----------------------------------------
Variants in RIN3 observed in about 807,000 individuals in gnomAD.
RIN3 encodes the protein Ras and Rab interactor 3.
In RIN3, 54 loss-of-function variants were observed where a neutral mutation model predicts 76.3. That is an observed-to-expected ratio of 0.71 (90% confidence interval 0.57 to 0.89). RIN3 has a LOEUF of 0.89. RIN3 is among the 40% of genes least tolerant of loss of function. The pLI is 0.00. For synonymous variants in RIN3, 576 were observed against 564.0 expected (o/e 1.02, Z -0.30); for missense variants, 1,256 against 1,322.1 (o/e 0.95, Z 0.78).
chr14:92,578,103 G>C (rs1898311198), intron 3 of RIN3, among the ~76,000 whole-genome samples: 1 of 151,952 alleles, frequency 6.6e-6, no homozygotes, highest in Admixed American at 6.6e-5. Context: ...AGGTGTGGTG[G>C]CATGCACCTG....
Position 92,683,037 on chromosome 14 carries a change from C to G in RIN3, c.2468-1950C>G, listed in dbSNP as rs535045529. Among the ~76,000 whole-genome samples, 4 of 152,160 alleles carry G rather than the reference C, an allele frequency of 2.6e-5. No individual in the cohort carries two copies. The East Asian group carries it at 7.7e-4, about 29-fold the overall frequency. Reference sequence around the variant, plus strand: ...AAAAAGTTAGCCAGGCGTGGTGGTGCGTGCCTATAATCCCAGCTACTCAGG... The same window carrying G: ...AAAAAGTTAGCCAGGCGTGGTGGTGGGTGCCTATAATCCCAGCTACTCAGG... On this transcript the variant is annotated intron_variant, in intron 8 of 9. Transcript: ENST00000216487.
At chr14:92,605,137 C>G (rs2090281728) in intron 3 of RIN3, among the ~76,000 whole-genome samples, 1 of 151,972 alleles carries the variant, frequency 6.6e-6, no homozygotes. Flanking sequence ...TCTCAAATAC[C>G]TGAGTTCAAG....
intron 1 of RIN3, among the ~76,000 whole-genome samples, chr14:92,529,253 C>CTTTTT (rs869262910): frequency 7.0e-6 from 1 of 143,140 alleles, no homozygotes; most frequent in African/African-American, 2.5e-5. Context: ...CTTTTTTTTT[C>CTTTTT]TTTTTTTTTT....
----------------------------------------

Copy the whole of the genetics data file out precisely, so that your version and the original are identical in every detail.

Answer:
Variants in RIN3 observed in about 807,000 individuals in gnomAD.
RIN3 encodes the protein Ras and Rab interactor 3.
In RIN3, 54 loss-of-function variants were observed where a neutral mutation model predicts 76.3. That is an observed-to-expected ratio of 0.71 (90% confidence interval 0.57 to 0.89). RIN3 has a LOEUF of 0.89. RIN3 is among the 40% of genes least tolerant of loss of function. The pLI is 0.00. For synonymous variants in RIN3, 576 were observed against 564.0 expected (o/e 1.02, Z -0.30); for missense variants, 1,256 against 1,322.1 (o/e 0.95, Z 0.78).
chr14:92,578,103 G>C (rs1898311198), intron 3 of RIN3, among the ~76,000 whole-genome samples: 1 of 151,952 alleles, frequency 6.6e-6, no homozygotes, highest in Admixed American at 6.6e-5. Context: ...AGGTGTGGTG[G>C]CATGCACCTG....
Position 92,683,037 on chromosome 14 carries a change from C to G in RIN3, c.2468-1950C>G, listed in dbSNP as rs535045529. Among the ~76,000 whole-genome samples, 4 of 152,160 alleles carry G rather than the reference C, an allele frequency of 2.6e-5. No individual in the cohort carries two copies. The East Asian group carries it at 7.7e-4, about 29-fold the overall frequency. Reference sequence around the variant, plus strand: ...AAAAAGTTAGCCAGGCGTGGTGGTGCGTGCCTATAATCCCAGCTACTCAGG... The same window carrying G: ...AAAAAGTTAGCCAGGCGTGGTGGTGGGTGCCTATAATCCCAGCTACTCAGG... On this transcript the variant is annotated intron_variant, in intron 8 of 9. Transcript: ENST00000216487.
At chr14:92,605,137 C>G (rs2090281728) in intron 3 of RIN3, among the ~76,000 whole-genome samples, 1 of 151,972 alleles carries the variant, frequency 6.6e-6, no homozygotes. Flanking sequence ...TCTCAAATAC[C>G]TGAGTTCAAG....
intron 1 of RIN3, among the ~76,000 whole-genome samples, chr14:92,529,253 C>CTTTTT (rs869262910): frequency 7.0e-6 from 1 of 143,140 alleles, no homozygotes; most frequent in African/African-American, 2.5e-5. Context: ...CTTTTTTTTT[C>CTTTTT]TTTTTTTTTT....